Orbetello international airport
Airports are mostly non-places, anonymous malls and lines for checking-in, security, passports, and boarding. Not so Orbetello international airport. Where….?
Secreted in the eastern walls of the immense Renaissance defences of this Tuscan causeway town, with lagoons either side, are the remains of an airport. The entrance has a Renaissance aura as did the terminal itself, astride the east-facing ramparts. From here a wide iron stairway led across the wide ditch to open ground and the sea-plane terminus beside the serene bay. It’s all largely gone today but with a little imagination this heyday is not hard to imagine. An underwhelming park and a marina have replaced the splendour of international air-travel.
From this airport the fascist supremo and aviator, Italo Balbo flew in 1930 to Rio de Janeiro, and then in 1933 to Chicago. The first was the 1930 flight of twelve Savoia-Marchetti flying boats made between 17 December 1930 and 15 January 1931. The Chicago venture was even more spectacular. The Crociera del Decennale featured the so-called "Italian Air Armada." From 1 July to 12 August 1933, 24 seaplanes flew in eight legs via Amsterdam, Derry, Reykjavik, Cartwright, Shediac, Montreal to the Century of Progress World Fair at Chicago, landing on Lake Michigan.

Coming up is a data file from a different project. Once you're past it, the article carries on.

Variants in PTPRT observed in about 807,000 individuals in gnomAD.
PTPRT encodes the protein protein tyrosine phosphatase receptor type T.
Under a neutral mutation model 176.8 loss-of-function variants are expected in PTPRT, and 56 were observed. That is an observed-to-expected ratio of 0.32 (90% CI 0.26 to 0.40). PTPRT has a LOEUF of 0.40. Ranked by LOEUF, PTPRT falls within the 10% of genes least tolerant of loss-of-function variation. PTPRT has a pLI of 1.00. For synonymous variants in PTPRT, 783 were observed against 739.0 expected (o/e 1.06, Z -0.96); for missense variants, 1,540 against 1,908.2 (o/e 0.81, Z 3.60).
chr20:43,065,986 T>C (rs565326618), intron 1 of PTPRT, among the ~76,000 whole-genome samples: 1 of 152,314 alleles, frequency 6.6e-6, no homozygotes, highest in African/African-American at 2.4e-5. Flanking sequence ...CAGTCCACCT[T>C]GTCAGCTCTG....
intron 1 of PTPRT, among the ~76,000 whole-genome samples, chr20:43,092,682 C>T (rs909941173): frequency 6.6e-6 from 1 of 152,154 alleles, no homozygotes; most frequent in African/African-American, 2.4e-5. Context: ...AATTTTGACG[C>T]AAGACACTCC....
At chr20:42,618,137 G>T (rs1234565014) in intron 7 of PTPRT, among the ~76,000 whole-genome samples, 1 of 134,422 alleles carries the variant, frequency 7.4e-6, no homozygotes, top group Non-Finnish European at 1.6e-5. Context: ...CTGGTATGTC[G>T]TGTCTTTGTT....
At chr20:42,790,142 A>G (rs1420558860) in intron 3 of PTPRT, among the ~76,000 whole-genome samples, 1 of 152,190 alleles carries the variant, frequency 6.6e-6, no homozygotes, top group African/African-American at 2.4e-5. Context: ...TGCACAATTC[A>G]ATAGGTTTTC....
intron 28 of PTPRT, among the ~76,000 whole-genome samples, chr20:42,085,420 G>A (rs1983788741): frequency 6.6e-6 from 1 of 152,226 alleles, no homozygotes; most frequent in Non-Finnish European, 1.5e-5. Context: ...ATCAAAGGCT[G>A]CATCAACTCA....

The seaplane port
Later governor of Libya, he perished when his sea-plane was shot down by friendly fire in 1940, and until about 1970 his remains were interred at Tripoli. Now they are to be found close to the airport he had known so well in a mausoleum that pays tribute to his courage (rather than his politics). Of course, for fear of vandalism the mausoleum is locked, but like the airport it brings to mind another age which Orbetello today might do well to add to its list of sights alongside its beaches.
Italo Balbo's mausoleum